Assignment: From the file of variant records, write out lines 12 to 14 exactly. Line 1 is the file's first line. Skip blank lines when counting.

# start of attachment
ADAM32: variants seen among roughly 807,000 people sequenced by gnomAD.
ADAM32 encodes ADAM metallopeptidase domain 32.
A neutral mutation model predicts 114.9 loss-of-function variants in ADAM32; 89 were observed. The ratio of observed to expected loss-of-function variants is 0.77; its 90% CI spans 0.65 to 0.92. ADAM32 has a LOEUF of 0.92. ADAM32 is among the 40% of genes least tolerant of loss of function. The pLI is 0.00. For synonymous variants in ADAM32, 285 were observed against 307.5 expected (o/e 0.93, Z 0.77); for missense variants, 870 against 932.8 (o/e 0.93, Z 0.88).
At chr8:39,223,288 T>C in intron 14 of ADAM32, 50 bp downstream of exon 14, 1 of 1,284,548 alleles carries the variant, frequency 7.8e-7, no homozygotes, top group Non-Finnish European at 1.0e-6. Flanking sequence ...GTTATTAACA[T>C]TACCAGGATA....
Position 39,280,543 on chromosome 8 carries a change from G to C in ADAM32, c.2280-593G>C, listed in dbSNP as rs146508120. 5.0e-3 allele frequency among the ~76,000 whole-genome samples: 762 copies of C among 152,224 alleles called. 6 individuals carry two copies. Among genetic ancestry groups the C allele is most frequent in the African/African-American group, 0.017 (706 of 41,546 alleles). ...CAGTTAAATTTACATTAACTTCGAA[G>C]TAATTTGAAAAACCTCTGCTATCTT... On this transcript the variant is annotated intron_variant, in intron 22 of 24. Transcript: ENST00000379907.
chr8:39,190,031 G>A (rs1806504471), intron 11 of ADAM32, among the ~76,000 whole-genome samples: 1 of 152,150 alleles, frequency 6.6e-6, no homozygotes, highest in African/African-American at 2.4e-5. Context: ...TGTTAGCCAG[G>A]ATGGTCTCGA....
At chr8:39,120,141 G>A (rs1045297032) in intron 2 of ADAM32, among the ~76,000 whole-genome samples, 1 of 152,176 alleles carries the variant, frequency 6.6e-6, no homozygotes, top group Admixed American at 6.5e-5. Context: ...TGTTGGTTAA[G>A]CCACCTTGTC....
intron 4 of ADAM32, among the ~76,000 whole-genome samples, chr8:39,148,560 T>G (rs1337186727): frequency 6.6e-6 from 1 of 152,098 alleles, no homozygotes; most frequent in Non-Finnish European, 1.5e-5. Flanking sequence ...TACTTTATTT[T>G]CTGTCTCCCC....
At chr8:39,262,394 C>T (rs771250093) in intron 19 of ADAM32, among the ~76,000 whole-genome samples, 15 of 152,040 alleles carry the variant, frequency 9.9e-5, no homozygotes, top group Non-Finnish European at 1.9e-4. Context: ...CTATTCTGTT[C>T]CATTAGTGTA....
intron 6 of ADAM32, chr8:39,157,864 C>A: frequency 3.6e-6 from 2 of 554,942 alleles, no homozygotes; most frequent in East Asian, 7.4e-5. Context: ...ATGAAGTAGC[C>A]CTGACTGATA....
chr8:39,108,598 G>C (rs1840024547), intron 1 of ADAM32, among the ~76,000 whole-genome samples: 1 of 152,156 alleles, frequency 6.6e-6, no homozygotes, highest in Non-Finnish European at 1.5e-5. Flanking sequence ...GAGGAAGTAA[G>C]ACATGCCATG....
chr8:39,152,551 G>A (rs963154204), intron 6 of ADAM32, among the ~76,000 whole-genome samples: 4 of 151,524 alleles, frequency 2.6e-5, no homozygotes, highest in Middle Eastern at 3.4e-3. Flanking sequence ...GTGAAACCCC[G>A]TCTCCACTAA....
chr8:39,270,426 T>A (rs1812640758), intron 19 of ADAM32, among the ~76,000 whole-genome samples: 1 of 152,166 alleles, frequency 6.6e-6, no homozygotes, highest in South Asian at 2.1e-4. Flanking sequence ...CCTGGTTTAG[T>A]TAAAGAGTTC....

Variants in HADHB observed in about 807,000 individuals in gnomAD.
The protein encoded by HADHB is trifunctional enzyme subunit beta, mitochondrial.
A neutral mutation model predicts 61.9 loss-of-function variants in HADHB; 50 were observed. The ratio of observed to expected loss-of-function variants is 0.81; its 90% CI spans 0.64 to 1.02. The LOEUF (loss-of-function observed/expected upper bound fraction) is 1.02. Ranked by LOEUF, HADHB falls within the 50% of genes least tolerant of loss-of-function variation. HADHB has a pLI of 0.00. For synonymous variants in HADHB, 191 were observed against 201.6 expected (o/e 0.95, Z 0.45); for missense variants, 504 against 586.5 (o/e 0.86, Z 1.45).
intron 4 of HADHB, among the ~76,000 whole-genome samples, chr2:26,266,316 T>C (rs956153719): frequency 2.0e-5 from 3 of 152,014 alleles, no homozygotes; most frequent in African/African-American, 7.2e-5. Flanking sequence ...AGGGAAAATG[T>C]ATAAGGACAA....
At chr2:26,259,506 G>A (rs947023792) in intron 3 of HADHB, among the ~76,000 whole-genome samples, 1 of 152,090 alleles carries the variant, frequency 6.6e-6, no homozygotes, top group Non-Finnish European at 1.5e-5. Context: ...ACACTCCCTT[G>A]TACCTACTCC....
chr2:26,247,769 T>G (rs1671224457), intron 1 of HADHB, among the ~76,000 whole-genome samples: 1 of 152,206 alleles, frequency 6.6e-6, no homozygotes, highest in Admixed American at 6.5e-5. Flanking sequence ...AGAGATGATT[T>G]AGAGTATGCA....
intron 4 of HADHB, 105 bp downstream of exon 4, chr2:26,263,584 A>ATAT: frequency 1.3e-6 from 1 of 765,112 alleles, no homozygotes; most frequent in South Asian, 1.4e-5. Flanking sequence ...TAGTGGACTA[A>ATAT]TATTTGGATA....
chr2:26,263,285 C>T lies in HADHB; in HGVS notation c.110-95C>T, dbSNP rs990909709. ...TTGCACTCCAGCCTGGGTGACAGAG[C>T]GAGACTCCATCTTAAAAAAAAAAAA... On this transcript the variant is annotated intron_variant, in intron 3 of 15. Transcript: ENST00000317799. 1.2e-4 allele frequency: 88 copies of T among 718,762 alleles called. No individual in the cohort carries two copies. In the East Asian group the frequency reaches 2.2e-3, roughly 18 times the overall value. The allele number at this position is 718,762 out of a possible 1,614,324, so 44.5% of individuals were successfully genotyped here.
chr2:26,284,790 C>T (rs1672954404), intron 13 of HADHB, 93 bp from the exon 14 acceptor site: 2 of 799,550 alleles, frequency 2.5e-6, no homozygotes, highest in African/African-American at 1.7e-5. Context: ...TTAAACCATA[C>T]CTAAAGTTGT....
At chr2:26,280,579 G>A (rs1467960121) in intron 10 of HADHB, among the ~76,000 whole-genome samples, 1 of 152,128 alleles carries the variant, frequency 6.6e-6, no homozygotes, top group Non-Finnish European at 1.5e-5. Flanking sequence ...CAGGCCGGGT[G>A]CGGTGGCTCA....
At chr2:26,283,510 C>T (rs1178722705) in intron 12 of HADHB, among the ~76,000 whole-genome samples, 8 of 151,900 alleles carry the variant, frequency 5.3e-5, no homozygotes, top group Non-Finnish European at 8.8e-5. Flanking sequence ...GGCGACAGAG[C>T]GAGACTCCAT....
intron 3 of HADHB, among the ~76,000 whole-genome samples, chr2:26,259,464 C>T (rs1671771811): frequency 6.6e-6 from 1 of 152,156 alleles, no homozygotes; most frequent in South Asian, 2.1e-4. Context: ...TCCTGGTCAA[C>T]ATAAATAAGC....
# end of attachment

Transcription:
chr8:39,152,551 G>A (rs963154204), intron 6 of ADAM32, among the ~76,000 whole-genome samples: 4 of 151,524 alleles, frequency 2.6e-5, no homozygotes, highest in Middle Eastern at 3.4e-3. Flanking sequence ...GTGAAACCCC[G>A]TCTCCACTAA....
chr8:39,270,426 T>A (rs1812640758), intron 19 of ADAM32, among the ~76,000 whole-genome samples: 1 of 152,166 alleles, frequency 6.6e-6, no homozygotes, highest in South Asian at 2.1e-4. Flanking sequence ...CCTGGTTTAG[T>A]TAAAGAGTTC....

Variants in HADHB observed in about 807,000 individuals in gnomAD.